I have made mention here before about having a Mormon background. Or as those in the religion, say LDS. My entire family are Mormon. We’re not just Mormon, we’re really Mormon. As in my dad’s side of the family is in the church’s history books has being responsible for bringing the Mormon religion to the Samoan Islands. My great-great-great-(not sure how many greats that should be so I’ll stop there)-grandfather gave up his very important titles to serve the church and to have his family do the same. Which they did with fervor. Most if not all of the men in my family are at some point appointed Bishops, Stake Presidents and onwards and upwards.
The Mormon bloodline so to speak is just as strong on my mom’s side where we have relatives that helped build Salt Lake City and their names can be found on various monuments around the area. So, when I say my family is Mormon, I mean it.
Which is why this new book called The Blood Doctrine caught my attention. The excerpt reads:
Practicing past teachings, a Mormon missionary viciously murders a homosexual man in the avenues of Salt Lake City, Utah.
Elder Aaron Lee and his mission companion walked the Salt Lake City streets spreading the teachings of the LDS Church. After talking with James Barone on the porch of his avenues home, Aaron couldn’t get the thoughts to cease. “Homosexuality is a sin in the eyes of the lord.”
“Why would a Mormon missionary murder?” That was the one question that kept looping through detective Klingensmith’s mind. He and his partner detective Robbins were about to find out in a journey that would take them from Salt Lake City to the red rocks of southern Utah.
My first reaction was a bit of shock. While I have come to be extremely saddened and even angry at what I have learned the Mormon church to be behind, I still have a certain idea about LDS people that I will never be able to fully lose. Which is based off of my life time of experiences with my family. If I were to be super generic I would tell you that Mormon people tend to be super conservative, but always kind, polite, friendly and never pushy about their religion. They might not approve of someone’s choices but they would never be so bold as to be anything less then polite to their face. Which is more then I can say for a lot of people.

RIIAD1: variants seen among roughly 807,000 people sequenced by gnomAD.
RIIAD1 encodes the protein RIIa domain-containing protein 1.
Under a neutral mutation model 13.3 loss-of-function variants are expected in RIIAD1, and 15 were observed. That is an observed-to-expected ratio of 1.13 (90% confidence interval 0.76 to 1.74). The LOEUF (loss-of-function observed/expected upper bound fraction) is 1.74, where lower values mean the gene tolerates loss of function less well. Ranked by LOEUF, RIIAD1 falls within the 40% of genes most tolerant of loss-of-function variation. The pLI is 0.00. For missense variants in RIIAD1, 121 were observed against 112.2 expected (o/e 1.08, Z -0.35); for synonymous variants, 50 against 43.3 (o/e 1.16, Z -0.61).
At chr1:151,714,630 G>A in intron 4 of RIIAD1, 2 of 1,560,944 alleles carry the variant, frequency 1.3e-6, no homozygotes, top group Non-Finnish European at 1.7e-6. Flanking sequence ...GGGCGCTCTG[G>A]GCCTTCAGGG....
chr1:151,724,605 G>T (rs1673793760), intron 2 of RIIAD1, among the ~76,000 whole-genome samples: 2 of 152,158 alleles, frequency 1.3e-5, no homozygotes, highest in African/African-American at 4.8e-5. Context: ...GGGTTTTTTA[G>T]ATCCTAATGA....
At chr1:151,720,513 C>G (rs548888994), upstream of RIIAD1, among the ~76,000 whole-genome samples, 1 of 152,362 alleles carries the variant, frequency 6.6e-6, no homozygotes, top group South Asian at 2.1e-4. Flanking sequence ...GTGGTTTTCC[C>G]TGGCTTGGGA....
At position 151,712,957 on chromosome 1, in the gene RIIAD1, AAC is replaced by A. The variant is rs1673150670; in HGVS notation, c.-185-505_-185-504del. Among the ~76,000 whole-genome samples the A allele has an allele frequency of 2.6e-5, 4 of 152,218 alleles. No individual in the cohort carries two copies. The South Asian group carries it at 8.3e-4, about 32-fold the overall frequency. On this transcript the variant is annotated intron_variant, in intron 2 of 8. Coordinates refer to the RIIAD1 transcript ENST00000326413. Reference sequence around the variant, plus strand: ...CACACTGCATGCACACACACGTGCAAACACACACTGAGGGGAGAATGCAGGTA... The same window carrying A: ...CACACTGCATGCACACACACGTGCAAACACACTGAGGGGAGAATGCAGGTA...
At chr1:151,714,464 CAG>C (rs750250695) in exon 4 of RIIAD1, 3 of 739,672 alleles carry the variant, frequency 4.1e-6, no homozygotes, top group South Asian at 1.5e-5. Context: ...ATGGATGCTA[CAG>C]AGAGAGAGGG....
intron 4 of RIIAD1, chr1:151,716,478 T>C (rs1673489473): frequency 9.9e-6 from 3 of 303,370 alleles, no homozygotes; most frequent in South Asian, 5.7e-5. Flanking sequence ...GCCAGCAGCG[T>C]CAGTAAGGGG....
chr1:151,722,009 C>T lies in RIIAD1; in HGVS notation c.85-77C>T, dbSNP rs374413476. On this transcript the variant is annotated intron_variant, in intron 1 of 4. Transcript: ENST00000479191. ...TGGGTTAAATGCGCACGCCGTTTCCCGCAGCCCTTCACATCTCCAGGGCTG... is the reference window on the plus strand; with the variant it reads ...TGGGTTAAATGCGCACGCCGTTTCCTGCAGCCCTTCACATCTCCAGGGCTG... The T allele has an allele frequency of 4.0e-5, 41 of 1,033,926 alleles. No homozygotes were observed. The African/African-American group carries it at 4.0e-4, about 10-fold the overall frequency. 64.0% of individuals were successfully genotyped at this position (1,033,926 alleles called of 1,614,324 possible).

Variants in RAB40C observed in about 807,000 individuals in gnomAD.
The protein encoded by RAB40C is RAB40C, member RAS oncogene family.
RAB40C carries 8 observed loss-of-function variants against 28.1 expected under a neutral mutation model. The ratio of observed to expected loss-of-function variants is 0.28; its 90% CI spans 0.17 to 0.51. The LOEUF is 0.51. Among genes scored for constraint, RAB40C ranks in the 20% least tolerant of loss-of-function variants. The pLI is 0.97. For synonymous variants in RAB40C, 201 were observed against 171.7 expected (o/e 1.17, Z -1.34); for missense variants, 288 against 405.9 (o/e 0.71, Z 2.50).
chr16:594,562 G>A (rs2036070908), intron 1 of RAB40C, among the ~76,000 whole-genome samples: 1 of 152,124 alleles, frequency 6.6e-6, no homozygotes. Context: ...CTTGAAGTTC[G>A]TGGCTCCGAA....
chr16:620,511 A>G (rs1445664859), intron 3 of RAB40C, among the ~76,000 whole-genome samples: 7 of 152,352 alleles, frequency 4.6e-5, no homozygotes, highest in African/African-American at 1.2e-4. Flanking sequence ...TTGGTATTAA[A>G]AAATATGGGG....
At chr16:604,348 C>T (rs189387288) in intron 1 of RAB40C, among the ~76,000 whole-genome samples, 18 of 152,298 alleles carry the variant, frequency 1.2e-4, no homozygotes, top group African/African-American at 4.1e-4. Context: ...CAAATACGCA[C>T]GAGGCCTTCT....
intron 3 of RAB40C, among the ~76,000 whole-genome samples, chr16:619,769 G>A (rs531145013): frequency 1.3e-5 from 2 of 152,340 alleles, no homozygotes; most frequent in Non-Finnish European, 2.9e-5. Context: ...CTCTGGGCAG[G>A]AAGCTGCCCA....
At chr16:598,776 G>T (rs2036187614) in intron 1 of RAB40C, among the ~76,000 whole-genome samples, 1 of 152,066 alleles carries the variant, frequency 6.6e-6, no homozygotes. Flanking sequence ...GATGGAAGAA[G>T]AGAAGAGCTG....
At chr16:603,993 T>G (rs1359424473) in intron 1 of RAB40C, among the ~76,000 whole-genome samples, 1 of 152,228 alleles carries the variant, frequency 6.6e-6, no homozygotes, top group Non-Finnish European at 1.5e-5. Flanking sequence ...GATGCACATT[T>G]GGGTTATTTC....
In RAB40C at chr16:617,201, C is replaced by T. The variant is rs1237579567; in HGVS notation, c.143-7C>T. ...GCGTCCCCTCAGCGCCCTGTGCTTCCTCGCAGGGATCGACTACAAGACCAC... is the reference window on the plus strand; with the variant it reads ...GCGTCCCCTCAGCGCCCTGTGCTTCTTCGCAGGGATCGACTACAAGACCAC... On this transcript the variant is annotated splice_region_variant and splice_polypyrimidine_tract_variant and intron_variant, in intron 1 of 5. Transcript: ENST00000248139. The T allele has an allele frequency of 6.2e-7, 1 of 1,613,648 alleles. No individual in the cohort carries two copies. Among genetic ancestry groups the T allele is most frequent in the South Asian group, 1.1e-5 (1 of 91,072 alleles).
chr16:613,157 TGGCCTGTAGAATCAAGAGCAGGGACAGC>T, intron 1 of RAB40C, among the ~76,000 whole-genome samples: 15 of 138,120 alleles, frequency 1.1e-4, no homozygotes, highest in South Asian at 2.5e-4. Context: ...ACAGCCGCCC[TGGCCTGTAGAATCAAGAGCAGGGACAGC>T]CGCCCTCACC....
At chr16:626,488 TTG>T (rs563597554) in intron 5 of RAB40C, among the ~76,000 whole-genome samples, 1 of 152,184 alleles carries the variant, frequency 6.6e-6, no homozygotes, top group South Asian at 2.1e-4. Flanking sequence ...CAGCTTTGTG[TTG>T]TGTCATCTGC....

But back to the book. It sounded interesting. Looking at their website, it sounded even more interesting … and it is. It also made me super glad I didn’t buy a house in SLC nine years ago when I almost moved there.
This book is a good read for people into religious story-lines, mysteries and even history buffs will get something from this. I feel slightly (ever so slightly) weird about this book. My family has never been hateful to me or my wife. They are open minded people that are Mormon. Which tells me that there are more like them out there. So I don’t want the reading of this book to create any more animosity then already exists. But it’s a pretty good read with a lot historical backing, which makes it scary. Scary because it could happen. Scary because things like this do happen, across the board, regardless of religion.
I’m curious if any other people that read this blog come from an LDS background and what’s your take on any of the Mormon/Anti-Gay is? Anyone read this book yet? I’d love to hear what you thought of it.